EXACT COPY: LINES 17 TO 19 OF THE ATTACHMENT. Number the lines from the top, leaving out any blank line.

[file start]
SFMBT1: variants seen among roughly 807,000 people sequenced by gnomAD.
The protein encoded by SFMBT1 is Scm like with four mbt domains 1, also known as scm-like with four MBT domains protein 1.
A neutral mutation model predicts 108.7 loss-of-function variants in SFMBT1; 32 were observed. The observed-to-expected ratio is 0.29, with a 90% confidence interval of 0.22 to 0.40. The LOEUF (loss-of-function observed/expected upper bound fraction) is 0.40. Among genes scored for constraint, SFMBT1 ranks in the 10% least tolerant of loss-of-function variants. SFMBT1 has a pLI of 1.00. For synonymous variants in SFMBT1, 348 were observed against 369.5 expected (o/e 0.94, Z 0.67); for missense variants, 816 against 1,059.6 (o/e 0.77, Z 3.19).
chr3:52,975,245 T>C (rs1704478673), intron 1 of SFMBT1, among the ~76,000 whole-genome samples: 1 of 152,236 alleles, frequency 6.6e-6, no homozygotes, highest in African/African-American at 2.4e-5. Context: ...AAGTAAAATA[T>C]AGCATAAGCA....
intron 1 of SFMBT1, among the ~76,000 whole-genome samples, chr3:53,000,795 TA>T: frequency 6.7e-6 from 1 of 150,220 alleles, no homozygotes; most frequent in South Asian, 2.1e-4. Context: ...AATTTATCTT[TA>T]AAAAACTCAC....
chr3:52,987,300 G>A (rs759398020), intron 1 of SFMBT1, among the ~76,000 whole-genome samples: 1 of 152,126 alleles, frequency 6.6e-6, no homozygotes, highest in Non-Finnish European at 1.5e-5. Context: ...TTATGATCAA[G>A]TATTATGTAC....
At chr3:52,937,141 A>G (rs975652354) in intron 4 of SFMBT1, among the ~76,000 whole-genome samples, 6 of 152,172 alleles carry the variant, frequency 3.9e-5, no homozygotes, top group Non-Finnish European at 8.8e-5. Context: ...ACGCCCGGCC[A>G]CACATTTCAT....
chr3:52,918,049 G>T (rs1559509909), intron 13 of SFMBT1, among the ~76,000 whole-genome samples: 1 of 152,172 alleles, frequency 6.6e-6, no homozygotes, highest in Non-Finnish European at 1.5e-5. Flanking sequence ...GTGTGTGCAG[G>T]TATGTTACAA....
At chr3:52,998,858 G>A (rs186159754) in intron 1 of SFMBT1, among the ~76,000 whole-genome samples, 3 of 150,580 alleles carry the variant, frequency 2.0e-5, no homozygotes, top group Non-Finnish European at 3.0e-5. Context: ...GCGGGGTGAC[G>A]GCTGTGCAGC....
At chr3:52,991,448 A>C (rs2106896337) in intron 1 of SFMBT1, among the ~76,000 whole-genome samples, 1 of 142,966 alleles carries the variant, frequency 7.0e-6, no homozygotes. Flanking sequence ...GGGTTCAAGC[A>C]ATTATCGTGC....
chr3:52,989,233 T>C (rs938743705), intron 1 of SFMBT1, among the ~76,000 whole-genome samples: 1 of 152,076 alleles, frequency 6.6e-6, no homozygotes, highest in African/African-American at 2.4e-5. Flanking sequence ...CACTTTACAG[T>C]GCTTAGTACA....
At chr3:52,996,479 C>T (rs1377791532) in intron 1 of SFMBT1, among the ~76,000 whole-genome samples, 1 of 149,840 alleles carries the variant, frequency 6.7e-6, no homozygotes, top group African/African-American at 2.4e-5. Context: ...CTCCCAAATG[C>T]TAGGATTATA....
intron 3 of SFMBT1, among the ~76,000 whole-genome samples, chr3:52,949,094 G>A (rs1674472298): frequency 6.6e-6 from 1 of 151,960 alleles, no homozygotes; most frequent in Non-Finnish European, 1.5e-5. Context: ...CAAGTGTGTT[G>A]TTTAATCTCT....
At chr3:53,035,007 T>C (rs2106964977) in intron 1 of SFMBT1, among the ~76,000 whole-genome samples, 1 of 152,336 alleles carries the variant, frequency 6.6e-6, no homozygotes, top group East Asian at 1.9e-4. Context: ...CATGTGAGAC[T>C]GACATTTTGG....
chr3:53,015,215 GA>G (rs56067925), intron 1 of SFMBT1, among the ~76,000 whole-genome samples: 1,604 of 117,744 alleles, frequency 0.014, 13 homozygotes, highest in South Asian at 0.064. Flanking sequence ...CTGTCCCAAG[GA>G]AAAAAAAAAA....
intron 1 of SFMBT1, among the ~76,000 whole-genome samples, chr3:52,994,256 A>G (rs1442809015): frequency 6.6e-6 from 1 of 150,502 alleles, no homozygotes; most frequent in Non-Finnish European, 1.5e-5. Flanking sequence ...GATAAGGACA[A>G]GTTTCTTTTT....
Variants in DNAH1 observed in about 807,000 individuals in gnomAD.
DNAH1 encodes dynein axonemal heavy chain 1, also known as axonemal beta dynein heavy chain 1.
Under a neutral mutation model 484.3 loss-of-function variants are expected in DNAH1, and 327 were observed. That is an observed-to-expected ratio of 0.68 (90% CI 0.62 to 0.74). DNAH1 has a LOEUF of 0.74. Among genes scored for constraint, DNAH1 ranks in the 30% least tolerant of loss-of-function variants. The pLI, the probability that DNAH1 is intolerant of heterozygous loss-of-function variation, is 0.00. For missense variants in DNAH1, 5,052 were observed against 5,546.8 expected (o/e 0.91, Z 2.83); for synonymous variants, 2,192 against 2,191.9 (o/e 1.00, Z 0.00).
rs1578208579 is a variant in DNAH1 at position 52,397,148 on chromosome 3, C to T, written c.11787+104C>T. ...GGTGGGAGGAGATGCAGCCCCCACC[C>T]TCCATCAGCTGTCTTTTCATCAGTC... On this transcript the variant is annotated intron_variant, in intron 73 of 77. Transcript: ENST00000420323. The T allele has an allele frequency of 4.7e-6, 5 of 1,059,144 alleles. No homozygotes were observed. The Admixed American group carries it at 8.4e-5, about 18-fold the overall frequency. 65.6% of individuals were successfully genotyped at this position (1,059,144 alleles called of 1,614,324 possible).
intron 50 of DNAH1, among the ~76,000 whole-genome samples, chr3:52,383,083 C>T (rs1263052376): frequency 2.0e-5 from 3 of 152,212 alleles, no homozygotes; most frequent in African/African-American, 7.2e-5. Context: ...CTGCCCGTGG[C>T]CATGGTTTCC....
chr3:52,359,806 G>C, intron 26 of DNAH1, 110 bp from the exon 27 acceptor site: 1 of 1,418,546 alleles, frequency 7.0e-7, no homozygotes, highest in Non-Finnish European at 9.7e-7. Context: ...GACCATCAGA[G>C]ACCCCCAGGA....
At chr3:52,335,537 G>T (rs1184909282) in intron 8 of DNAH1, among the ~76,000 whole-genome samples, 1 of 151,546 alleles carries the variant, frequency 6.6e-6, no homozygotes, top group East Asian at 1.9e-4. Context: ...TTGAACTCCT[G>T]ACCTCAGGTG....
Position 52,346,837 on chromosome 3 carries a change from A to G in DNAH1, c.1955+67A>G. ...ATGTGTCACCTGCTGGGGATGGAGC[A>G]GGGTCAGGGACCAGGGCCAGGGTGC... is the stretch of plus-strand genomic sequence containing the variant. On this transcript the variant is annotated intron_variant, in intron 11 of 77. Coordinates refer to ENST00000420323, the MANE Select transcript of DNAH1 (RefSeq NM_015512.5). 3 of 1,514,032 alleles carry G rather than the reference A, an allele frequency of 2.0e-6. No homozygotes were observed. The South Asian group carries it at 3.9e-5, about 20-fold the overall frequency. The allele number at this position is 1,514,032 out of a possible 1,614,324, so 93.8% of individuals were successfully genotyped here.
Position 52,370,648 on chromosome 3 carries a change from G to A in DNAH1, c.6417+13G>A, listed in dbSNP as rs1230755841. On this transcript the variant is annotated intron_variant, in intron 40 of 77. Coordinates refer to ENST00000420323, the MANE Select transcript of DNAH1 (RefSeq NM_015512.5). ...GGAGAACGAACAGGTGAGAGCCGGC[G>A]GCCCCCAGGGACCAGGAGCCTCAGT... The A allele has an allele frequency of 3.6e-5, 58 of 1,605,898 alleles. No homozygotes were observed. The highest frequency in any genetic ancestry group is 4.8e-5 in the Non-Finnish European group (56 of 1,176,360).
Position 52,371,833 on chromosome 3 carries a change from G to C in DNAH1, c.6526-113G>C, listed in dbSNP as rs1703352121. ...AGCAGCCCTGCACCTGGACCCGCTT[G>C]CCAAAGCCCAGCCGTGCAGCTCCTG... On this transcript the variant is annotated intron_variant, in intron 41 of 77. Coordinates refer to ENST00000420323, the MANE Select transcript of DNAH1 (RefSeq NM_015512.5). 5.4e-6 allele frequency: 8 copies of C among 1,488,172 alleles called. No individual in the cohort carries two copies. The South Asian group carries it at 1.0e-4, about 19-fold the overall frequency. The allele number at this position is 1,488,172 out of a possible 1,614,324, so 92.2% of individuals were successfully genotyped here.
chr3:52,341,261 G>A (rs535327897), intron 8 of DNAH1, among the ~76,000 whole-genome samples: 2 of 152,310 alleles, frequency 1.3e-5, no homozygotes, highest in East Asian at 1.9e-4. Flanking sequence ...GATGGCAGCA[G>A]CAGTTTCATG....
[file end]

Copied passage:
Variants in DNAH1 observed in about 807,000 individuals in gnomAD.
DNAH1 encodes dynein axonemal heavy chain 1, also known as axonemal beta dynein heavy chain 1.
Under a neutral mutation model 484.3 loss-of-function variants are expected in DNAH1, and 327 were observed. That is an observed-to-expected ratio of 0.68 (90% CI 0.62 to 0.74). DNAH1 has a LOEUF of 0.74. Among genes scored for constraint, DNAH1 ranks in the 30% least tolerant of loss-of-function variants. The pLI, the probability that DNAH1 is intolerant of heterozygous loss-of-function variation, is 0.00. For missense variants in DNAH1, 5,052 were observed against 5,546.8 expected (o/e 0.91, Z 2.83); for synonymous variants, 2,192 against 2,191.9 (o/e 1.00, Z 0.00).